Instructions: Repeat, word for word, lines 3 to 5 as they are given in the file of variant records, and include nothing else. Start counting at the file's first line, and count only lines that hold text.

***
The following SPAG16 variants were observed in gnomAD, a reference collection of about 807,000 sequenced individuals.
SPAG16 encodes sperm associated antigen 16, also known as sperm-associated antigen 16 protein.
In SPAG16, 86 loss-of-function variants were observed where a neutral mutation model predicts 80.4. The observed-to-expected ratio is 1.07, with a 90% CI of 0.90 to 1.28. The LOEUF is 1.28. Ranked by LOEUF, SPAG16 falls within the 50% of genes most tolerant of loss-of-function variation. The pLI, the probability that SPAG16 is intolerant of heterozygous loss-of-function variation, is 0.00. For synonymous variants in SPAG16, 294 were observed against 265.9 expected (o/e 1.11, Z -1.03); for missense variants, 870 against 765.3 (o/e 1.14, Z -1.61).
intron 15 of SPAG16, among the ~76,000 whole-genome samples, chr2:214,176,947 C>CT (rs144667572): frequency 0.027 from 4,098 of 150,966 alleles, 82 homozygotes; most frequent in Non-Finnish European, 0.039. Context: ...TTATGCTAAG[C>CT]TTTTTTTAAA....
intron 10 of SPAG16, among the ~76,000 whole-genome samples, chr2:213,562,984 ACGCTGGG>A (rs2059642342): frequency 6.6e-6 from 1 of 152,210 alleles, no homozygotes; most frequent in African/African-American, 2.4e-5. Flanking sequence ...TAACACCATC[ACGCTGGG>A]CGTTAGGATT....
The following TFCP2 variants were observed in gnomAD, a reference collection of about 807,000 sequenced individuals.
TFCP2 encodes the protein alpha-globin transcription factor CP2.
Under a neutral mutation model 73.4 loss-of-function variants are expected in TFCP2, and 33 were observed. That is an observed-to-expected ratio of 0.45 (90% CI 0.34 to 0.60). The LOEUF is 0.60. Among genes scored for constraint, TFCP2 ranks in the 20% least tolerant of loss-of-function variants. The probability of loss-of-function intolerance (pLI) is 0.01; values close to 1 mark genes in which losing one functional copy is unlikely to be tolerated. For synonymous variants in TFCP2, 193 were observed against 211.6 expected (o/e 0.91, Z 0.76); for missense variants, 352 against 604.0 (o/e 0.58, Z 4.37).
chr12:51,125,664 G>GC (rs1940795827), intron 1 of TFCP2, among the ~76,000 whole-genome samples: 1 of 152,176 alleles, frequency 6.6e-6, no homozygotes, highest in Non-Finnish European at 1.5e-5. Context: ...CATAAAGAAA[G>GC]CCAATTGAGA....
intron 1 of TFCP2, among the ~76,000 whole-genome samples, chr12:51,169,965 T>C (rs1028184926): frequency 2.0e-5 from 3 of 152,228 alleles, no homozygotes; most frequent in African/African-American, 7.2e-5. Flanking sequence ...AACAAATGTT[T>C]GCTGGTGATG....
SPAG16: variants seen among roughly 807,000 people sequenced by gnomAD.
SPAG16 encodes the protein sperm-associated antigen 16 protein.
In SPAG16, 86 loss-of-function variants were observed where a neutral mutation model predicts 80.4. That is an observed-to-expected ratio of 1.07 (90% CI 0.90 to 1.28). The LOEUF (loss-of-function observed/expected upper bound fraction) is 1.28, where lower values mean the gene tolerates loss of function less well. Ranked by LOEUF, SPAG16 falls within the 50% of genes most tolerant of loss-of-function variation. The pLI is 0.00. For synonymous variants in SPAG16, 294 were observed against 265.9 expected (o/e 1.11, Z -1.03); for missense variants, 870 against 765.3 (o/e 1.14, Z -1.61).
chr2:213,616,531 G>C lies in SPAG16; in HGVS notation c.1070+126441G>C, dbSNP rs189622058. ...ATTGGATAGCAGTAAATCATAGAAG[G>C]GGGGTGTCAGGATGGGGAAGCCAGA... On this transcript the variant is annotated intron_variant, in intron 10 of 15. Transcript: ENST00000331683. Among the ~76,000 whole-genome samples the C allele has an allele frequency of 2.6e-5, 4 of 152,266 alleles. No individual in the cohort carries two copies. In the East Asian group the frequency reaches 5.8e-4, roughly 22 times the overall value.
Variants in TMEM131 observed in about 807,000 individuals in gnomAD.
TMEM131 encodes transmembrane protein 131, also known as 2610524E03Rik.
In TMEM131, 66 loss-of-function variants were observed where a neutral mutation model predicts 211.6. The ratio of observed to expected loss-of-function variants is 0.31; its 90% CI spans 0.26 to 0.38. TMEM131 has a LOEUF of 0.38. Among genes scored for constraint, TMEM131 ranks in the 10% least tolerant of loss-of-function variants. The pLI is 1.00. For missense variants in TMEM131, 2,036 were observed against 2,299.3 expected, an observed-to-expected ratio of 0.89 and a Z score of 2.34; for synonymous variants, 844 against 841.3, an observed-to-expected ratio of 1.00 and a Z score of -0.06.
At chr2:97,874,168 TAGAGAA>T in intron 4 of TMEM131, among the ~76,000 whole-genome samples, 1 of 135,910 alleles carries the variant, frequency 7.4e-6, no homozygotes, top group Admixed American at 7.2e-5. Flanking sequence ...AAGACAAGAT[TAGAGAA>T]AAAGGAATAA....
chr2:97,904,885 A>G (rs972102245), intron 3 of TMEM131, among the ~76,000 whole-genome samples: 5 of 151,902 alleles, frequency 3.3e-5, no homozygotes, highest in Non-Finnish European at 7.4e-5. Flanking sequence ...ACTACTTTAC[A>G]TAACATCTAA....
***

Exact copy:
In SPAG16, 86 loss-of-function variants were observed where a neutral mutation model predicts 80.4. The observed-to-expected ratio is 1.07, with a 90% CI of 0.90 to 1.28. The LOEUF is 1.28. Ranked by LOEUF, SPAG16 falls within the 50% of genes most tolerant of loss-of-function variation. The pLI, the probability that SPAG16 is intolerant of heterozygous loss-of-function variation, is 0.00. For synonymous variants in SPAG16, 294 were observed against 265.9 expected (o/e 1.11, Z -1.03); for missense variants, 870 against 765.3 (o/e 1.14, Z -1.61).
intron 15 of SPAG16, among the ~76,000 whole-genome samples, chr2:214,176,947 C>CT (rs144667572): frequency 0.027 from 4,098 of 150,966 alleles, 82 homozygotes; most frequent in Non-Finnish European, 0.039. Context: ...TTATGCTAAG[C>CT]TTTTTTTAAA....
intron 10 of SPAG16, among the ~76,000 whole-genome samples, chr2:213,562,984 ACGCTGGG>A (rs2059642342): frequency 6.6e-6 from 1 of 152,210 alleles, no homozygotes; most frequent in African/African-American, 2.4e-5. Flanking sequence ...TAACACCATC[ACGCTGGG>A]CGTTAGGATT....